Field Notes: Words

The Guardian uses words—in my eyes—traditionally. As I keep stressing, the publication is very traditional with a modern twist, and its headlines tend to follow that pattern. However, occasionally, the paper will throw out a headline that could be considered a hammer. But, for the most part, all of the headlines are short, summary headlines describing what the article is exactly about.

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Here is an example of what I think The Guardian would consider a hammer line:

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The paper uses words in the strict newspaper sense, often using pull quotes to assist the story—occasionally funny and witty. I think that the editors do a good job of pulling out quotes that are interesting, intriguing and essential to the story. I always find that using pull quotes can be a bittersweet thing. First off, if people are tired of reading the story, they might only read the pull quote and move on. But, if the pull quote is heavy and meaty enough it will keep readers invested.

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The paper does use short subheads and dekheads to further the story. But again, the editors write dekheads that are generally just an extension of the headline: telling the reader what they are about to read, although for me, I find a clear distinction between the context of the headline and the subheads. Occasionally, after reading the headline followed by the dekhead, it appears that the headline is universal (meant for any audience to grasp.) Sometimes, when reading the subhead, it feels like the story is meant for an audience that must know what has happened to continue. Obviously, one of the main problems if that I don’t read the paper or live in Britain, but I feel that the paper could make an effort of making the subheads more directly general (which may ne hard, but is nonetheless the job of the editor).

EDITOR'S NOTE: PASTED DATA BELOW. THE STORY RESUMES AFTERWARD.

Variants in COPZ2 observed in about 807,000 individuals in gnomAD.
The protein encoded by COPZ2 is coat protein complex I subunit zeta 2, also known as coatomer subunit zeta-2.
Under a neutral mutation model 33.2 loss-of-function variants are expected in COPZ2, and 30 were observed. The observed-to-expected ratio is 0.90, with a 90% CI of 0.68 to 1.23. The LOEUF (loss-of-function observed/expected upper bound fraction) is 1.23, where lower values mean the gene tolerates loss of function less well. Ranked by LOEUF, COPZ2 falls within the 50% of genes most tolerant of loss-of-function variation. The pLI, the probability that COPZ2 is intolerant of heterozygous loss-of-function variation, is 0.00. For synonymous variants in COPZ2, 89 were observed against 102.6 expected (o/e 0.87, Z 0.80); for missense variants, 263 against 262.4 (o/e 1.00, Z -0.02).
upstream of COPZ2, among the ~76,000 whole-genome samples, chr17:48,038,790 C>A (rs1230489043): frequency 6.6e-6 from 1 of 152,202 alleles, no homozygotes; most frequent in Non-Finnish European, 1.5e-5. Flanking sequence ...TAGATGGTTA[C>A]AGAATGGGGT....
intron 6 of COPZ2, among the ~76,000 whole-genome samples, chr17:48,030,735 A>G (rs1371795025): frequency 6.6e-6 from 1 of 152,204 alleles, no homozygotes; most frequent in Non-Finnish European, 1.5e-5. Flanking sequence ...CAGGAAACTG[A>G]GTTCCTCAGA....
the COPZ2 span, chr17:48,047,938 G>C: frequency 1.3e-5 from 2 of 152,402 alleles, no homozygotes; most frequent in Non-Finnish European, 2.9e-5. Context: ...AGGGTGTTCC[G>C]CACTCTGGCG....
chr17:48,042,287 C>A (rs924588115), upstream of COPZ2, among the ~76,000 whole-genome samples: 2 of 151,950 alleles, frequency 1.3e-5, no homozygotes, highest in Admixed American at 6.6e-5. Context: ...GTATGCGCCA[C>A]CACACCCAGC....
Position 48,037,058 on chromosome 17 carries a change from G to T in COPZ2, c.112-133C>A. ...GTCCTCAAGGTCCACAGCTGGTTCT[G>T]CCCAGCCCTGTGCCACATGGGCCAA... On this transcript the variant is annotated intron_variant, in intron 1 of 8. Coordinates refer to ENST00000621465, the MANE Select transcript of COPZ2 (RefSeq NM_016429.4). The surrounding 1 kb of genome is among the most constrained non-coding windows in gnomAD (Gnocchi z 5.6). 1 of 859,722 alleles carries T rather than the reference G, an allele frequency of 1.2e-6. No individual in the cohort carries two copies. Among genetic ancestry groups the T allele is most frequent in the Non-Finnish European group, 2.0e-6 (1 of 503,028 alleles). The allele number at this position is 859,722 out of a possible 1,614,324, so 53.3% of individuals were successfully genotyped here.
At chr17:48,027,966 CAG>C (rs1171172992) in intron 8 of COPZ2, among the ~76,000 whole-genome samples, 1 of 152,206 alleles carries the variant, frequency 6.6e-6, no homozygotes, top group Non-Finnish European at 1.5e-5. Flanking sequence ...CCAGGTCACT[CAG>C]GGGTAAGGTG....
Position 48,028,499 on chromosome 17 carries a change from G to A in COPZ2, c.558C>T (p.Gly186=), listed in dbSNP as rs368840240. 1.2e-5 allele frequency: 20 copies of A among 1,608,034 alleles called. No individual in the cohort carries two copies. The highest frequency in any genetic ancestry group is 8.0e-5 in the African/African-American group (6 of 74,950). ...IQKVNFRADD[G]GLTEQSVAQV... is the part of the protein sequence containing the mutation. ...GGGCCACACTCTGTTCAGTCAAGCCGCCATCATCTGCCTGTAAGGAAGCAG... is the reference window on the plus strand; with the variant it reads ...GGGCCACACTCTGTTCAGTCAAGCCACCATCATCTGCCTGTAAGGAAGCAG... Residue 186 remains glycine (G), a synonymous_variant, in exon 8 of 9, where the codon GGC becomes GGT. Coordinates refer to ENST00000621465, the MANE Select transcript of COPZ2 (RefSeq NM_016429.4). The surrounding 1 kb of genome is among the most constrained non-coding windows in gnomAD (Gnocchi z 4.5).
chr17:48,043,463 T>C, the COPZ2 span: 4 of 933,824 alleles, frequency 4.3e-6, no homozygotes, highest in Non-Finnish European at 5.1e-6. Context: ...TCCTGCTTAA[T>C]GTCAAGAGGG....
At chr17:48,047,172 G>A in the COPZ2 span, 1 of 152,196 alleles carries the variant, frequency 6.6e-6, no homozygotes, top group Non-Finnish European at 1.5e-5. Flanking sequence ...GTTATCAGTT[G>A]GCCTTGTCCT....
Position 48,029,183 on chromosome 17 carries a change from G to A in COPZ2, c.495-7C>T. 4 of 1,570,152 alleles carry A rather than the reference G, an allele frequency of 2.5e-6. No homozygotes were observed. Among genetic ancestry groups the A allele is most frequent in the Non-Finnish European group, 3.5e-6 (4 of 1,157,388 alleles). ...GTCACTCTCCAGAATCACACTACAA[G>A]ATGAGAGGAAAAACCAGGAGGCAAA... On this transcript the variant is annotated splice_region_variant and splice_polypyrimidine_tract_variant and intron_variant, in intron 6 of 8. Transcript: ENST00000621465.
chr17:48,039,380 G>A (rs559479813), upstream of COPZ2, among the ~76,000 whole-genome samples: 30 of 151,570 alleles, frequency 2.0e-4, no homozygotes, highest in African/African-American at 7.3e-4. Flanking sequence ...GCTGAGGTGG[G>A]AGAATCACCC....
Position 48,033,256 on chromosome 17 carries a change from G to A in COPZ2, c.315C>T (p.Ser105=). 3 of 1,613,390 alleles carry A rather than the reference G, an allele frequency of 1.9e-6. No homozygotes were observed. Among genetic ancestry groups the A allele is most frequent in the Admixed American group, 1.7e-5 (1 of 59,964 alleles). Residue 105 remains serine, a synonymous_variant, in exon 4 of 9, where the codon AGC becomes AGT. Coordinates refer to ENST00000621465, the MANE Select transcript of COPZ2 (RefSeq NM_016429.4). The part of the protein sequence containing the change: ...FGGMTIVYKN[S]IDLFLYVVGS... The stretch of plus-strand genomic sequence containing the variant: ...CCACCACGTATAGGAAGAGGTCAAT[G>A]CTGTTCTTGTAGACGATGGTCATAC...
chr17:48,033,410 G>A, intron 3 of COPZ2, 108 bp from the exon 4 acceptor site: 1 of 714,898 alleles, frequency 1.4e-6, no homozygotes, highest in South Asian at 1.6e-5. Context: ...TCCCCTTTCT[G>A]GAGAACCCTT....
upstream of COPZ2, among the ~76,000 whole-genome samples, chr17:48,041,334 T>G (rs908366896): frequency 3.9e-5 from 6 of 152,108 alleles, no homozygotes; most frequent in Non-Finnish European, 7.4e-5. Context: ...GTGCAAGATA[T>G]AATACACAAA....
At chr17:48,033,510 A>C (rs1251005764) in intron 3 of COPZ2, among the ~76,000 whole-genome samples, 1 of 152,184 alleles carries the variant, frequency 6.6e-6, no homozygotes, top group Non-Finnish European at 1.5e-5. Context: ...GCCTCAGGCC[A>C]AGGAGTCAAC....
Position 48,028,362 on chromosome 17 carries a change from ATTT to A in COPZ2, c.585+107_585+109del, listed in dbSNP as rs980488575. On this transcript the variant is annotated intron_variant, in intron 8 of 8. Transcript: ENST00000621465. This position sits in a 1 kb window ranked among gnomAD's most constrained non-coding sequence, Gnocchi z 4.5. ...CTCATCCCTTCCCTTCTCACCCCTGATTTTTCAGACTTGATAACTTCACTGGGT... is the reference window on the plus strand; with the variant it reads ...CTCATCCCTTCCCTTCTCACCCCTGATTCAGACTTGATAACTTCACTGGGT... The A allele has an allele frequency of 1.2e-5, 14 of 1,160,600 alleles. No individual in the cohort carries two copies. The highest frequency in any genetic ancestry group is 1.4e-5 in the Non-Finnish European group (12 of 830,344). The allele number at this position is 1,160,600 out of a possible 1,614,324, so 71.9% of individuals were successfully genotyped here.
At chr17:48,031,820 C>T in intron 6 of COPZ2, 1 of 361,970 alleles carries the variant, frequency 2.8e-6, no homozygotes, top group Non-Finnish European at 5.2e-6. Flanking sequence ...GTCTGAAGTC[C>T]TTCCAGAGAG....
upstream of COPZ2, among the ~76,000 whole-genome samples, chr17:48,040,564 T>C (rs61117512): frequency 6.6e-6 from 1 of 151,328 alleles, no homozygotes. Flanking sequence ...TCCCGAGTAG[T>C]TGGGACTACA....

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The cutlines are never spectacular additions, but often times bland retellings of what the picture has to offer.

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It’s not hard to say that The Guardian does not use flirty language within its text—circling round to its audience and presence as a traditional newspaper. The paper keeps up with its modern look through its layout, color and new typefaces, but so far is stuck with traditional words. Which, I believe, works for the paper. I think that its audience wouldn’t want flirty text strewn throughout the newspaper. That being said, there are parts of the paper that allow for some flirty moments, especially when teasing its culture and lifestyle pages. This is the one section where I have seen some “flirty” language that really might peak the interest of the readers. Though, I might argue that the language is geared more toward that of the younger audience (or trying to obtain a younger reader).

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I will admit, the knowledge that I have of Britain’s paper is that they tend to be more crass and directly to the point. And I’ve happily seen examples of both in the paper; however, the brass tends to take the backseat.

Josh Austin

One Comment

  1. Based on your posts for both this and for color, it seems like The Guardian is very similar design-wise to my paper, El Universal. They often seem pretty traditional and don’t do much ground-breaking, innovative design work. But they do good work nonetheless.

    I’m curious — did any other sections in your paper show more unique design approaches? Because El Universal really felt very different in the Arts and Entertainment/Culture sections than it did in the News section. I would also expect more hammer heds in sections other than News, but maybe The Guardian just doesn’t use them at all. The language feeling more flirty in other sections also makes me think that maybe the heds would be a bit punchier in those sections, too.

    Good posts 🙂 I enjoyed reading them!

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